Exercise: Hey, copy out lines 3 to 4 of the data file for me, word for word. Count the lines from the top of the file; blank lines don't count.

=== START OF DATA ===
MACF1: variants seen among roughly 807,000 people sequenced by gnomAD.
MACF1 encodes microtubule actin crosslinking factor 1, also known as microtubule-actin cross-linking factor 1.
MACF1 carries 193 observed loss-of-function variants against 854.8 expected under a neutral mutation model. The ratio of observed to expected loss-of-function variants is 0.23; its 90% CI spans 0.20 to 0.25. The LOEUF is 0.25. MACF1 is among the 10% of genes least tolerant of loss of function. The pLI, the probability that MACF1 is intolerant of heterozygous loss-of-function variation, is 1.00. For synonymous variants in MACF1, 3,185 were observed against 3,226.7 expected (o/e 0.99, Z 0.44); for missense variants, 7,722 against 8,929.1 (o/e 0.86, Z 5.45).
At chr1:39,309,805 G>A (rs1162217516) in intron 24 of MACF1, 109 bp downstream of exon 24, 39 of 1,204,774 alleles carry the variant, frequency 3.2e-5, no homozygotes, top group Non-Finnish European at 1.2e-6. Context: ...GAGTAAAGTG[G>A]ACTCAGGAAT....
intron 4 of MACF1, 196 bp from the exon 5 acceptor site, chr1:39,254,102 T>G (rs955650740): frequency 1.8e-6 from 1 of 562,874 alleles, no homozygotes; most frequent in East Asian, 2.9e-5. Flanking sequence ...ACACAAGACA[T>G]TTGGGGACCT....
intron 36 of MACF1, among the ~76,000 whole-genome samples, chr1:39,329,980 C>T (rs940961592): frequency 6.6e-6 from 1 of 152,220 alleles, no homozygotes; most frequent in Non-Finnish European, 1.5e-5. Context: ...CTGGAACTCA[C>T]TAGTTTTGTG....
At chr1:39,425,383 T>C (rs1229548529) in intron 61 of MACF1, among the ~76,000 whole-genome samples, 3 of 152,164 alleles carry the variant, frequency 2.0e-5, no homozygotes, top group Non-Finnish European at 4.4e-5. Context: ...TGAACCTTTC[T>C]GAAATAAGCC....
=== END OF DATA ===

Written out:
MACF1 carries 193 observed loss-of-function variants against 854.8 expected under a neutral mutation model. The ratio of observed to expected loss-of-function variants is 0.23; its 90% CI spans 0.20 to 0.25. The LOEUF is 0.25. MACF1 is among the 10% of genes least tolerant of loss of function. The pLI, the probability that MACF1 is intolerant of heterozygous loss-of-function variation, is 1.00. For synonymous variants in MACF1, 3,185 were observed against 3,226.7 expected (o/e 0.99, Z 0.44); for missense variants, 7,722 against 8,929.1 (o/e 0.86, Z 5.45).
At chr1:39,309,805 G>A (rs1162217516) in intron 24 of MACF1, 109 bp downstream of exon 24, 39 of 1,204,774 alleles carry the variant, frequency 3.2e-5, no homozygotes, top group Non-Finnish European at 1.2e-6. Context: ...GAGTAAAGTG[G>A]ACTCAGGAAT....